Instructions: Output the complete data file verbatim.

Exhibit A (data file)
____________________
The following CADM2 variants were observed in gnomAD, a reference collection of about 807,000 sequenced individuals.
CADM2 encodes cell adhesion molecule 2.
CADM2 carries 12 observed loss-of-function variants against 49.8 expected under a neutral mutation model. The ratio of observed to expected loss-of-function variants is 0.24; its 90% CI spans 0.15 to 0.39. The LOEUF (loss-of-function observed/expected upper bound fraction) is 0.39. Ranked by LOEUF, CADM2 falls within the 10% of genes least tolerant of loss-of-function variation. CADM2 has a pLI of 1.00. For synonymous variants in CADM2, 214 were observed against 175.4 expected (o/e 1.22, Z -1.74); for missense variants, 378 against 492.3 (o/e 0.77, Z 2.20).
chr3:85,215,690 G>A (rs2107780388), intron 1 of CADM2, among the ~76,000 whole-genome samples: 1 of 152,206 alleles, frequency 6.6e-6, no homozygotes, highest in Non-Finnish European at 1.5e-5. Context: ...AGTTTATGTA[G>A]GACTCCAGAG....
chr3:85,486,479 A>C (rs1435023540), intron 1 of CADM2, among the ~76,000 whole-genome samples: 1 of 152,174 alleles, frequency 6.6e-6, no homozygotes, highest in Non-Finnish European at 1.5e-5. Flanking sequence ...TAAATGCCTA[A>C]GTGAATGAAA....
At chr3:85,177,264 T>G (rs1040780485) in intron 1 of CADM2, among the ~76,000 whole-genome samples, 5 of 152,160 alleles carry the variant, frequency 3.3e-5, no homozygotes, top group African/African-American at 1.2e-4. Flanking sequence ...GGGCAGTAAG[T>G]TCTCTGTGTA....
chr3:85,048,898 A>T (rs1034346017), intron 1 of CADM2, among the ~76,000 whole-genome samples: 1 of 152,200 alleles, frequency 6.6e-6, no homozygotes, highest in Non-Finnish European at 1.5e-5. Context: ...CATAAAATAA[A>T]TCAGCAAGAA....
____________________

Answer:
The following CADM2 variants were observed in gnomAD, a reference collection of about 807,000 sequenced individuals.
CADM2 encodes cell adhesion molecule 2.
CADM2 carries 12 observed loss-of-function variants against 49.8 expected under a neutral mutation model. The ratio of observed to expected loss-of-function variants is 0.24; its 90% CI spans 0.15 to 0.39. The LOEUF (loss-of-function observed/expected upper bound fraction) is 0.39. Ranked by LOEUF, CADM2 falls within the 10% of genes least tolerant of loss-of-function variation. CADM2 has a pLI of 1.00. For synonymous variants in CADM2, 214 were observed against 175.4 expected (o/e 1.22, Z -1.74); for missense variants, 378 against 492.3 (o/e 0.77, Z 2.20).
chr3:85,215,690 G>A (rs2107780388), intron 1 of CADM2, among the ~76,000 whole-genome samples: 1 of 152,206 alleles, frequency 6.6e-6, no homozygotes, highest in Non-Finnish European at 1.5e-5. Context: ...AGTTTATGTA[G>A]GACTCCAGAG....
chr3:85,486,479 A>C (rs1435023540), intron 1 of CADM2, among the ~76,000 whole-genome samples: 1 of 152,174 alleles, frequency 6.6e-6, no homozygotes, highest in Non-Finnish European at 1.5e-5. Flanking sequence ...TAAATGCCTA[A>C]GTGAATGAAA....
At chr3:85,177,264 T>G (rs1040780485) in intron 1 of CADM2, among the ~76,000 whole-genome samples, 5 of 152,160 alleles carry the variant, frequency 3.3e-5, no homozygotes, top group African/African-American at 1.2e-4. Flanking sequence ...GGGCAGTAAG[T>G]TCTCTGTGTA....
chr3:85,048,898 A>T (rs1034346017), intron 1 of CADM2, among the ~76,000 whole-genome samples: 1 of 152,200 alleles, frequency 6.6e-6, no homozygotes, highest in Non-Finnish European at 1.5e-5. Context: ...CATAAAATAA[A>T]TCAGCAAGAA....